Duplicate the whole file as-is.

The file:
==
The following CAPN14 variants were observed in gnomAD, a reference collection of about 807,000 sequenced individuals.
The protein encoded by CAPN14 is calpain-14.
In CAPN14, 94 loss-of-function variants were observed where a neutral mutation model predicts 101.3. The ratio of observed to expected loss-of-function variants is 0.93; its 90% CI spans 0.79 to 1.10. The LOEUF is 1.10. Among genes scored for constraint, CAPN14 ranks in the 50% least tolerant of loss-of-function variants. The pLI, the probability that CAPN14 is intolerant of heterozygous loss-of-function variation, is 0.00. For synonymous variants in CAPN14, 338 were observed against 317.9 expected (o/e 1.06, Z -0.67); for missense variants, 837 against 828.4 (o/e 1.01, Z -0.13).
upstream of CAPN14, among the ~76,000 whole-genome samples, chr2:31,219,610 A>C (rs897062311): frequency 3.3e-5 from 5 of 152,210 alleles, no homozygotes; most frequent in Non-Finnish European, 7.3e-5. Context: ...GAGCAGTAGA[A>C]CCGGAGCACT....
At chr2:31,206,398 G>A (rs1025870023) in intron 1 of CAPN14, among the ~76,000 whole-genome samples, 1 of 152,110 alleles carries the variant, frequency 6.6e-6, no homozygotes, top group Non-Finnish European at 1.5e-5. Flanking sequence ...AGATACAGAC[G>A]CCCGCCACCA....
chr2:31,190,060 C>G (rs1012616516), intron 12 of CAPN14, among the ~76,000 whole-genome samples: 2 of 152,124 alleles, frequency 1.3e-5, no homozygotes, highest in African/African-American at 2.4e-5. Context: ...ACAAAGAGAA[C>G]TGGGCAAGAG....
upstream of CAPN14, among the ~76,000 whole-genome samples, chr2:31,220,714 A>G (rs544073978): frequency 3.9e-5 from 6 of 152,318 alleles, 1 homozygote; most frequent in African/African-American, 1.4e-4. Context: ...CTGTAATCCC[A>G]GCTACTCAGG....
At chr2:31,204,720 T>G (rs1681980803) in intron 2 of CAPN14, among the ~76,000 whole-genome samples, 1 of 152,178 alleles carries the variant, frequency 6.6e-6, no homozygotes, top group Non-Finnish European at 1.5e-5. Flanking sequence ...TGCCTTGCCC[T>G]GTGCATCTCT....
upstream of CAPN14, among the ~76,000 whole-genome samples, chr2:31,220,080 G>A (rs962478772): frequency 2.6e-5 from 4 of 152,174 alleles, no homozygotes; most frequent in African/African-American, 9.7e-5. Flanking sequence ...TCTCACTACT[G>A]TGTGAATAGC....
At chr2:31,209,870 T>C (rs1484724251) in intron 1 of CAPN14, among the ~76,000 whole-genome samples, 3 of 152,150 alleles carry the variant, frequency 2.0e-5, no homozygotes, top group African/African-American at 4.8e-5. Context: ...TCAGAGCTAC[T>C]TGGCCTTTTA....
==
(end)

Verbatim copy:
The following CAPN14 variants were observed in gnomAD, a reference collection of about 807,000 sequenced individuals.
The protein encoded by CAPN14 is calpain-14.
In CAPN14, 94 loss-of-function variants were observed where a neutral mutation model predicts 101.3. The ratio of observed to expected loss-of-function variants is 0.93; its 90% CI spans 0.79 to 1.10. The LOEUF is 1.10. Among genes scored for constraint, CAPN14 ranks in the 50% least tolerant of loss-of-function variants. The pLI, the probability that CAPN14 is intolerant of heterozygous loss-of-function variation, is 0.00. For synonymous variants in CAPN14, 338 were observed against 317.9 expected (o/e 1.06, Z -0.67); for missense variants, 837 against 828.4 (o/e 1.01, Z -0.13).
upstream of CAPN14, among the ~76,000 whole-genome samples, chr2:31,219,610 A>C (rs897062311): frequency 3.3e-5 from 5 of 152,210 alleles, no homozygotes; most frequent in Non-Finnish European, 7.3e-5. Context: ...GAGCAGTAGA[A>C]CCGGAGCACT....
At chr2:31,206,398 G>A (rs1025870023) in intron 1 of CAPN14, among the ~76,000 whole-genome samples, 1 of 152,110 alleles carries the variant, frequency 6.6e-6, no homozygotes, top group Non-Finnish European at 1.5e-5. Flanking sequence ...AGATACAGAC[G>A]CCCGCCACCA....
chr2:31,190,060 C>G (rs1012616516), intron 12 of CAPN14, among the ~76,000 whole-genome samples: 2 of 152,124 alleles, frequency 1.3e-5, no homozygotes, highest in African/African-American at 2.4e-5. Context: ...ACAAAGAGAA[C>G]TGGGCAAGAG....
upstream of CAPN14, among the ~76,000 whole-genome samples, chr2:31,220,714 A>G (rs544073978): frequency 3.9e-5 from 6 of 152,318 alleles, 1 homozygote; most frequent in African/African-American, 1.4e-4. Context: ...CTGTAATCCC[A>G]GCTACTCAGG....
At chr2:31,204,720 T>G (rs1681980803) in intron 2 of CAPN14, among the ~76,000 whole-genome samples, 1 of 152,178 alleles carries the variant, frequency 6.6e-6, no homozygotes, top group Non-Finnish European at 1.5e-5. Flanking sequence ...TGCCTTGCCC[T>G]GTGCATCTCT....
upstream of CAPN14, among the ~76,000 whole-genome samples, chr2:31,220,080 G>A (rs962478772): frequency 2.6e-5 from 4 of 152,174 alleles, no homozygotes; most frequent in African/African-American, 9.7e-5. Flanking sequence ...TCTCACTACT[G>A]TGTGAATAGC....
At chr2:31,209,870 T>C (rs1484724251) in intron 1 of CAPN14, among the ~76,000 whole-genome samples, 3 of 152,150 alleles carry the variant, frequency 2.0e-5, no homozygotes, top group African/African-American at 4.8e-5. Context: ...TCAGAGCTAC[T>C]TGGCCTTTTA....